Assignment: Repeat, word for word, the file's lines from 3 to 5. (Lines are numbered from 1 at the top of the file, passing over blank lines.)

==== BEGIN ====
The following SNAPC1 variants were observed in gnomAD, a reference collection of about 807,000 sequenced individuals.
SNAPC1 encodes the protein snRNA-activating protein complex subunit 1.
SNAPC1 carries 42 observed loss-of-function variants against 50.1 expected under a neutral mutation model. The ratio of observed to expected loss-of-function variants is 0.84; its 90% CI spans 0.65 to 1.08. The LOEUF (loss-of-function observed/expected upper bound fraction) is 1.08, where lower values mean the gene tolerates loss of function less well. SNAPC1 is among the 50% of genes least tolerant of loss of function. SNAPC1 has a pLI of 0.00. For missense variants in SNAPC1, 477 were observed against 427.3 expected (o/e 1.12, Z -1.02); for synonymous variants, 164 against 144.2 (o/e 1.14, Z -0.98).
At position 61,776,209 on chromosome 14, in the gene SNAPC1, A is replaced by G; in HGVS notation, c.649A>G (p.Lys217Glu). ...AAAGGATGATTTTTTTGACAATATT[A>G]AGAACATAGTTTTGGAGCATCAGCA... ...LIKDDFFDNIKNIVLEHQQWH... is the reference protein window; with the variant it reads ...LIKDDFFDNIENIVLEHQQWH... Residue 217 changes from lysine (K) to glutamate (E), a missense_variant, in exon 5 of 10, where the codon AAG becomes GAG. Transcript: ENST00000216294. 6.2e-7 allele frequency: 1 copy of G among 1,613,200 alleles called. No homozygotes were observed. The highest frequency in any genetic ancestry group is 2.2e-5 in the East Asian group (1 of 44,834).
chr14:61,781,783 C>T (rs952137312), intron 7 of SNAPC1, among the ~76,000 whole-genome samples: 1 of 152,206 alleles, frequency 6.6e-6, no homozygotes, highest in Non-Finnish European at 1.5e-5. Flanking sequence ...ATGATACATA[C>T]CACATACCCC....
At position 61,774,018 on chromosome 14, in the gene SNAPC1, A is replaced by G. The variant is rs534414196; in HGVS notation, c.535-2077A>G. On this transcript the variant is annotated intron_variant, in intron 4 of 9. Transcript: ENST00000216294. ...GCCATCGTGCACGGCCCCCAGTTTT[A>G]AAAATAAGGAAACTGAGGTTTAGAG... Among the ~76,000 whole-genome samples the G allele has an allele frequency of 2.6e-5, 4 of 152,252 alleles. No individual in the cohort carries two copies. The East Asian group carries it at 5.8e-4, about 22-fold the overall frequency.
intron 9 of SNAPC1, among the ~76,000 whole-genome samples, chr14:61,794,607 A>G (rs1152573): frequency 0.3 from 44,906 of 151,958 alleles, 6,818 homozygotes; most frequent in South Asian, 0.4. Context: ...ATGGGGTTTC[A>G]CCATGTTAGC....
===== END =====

SNAPC1 carries 42 observed loss-of-function variants against 50.1 expected under a neutral mutation model. The ratio of observed to expected loss-of-function variants is 0.84; its 90% CI spans 0.65 to 1.08. The LOEUF (loss-of-function observed/expected upper bound fraction) is 1.08, where lower values mean the gene tolerates loss of function less well. SNAPC1 is among the 50% of genes least tolerant of loss of function. SNAPC1 has a pLI of 0.00. For missense variants in SNAPC1, 477 were observed against 427.3 expected (o/e 1.12, Z -1.02); for synonymous variants, 164 against 144.2 (o/e 1.14, Z -0.98).
At position 61,776,209 on chromosome 14, in the gene SNAPC1, A is replaced by G; in HGVS notation, c.649A>G (p.Lys217Glu). ...AAAGGATGATTTTTTTGACAATATT[A>G]AGAACATAGTTTTGGAGCATCAGCA... ...LIKDDFFDNIKNIVLEHQQWH... is the reference protein window; with the variant it reads ...LIKDDFFDNIENIVLEHQQWH... Residue 217 changes from lysine (K) to glutamate (E), a missense_variant, in exon 5 of 10, where the codon AAG becomes GAG. Transcript: ENST00000216294. 6.2e-7 allele frequency: 1 copy of G among 1,613,200 alleles called. No homozygotes were observed. The highest frequency in any genetic ancestry group is 2.2e-5 in the East Asian group (1 of 44,834).
chr14:61,781,783 C>T (rs952137312), intron 7 of SNAPC1, among the ~76,000 whole-genome samples: 1 of 152,206 alleles, frequency 6.6e-6, no homozygotes, highest in Non-Finnish European at 1.5e-5. Flanking sequence ...ATGATACATA[C>T]CACATACCCC....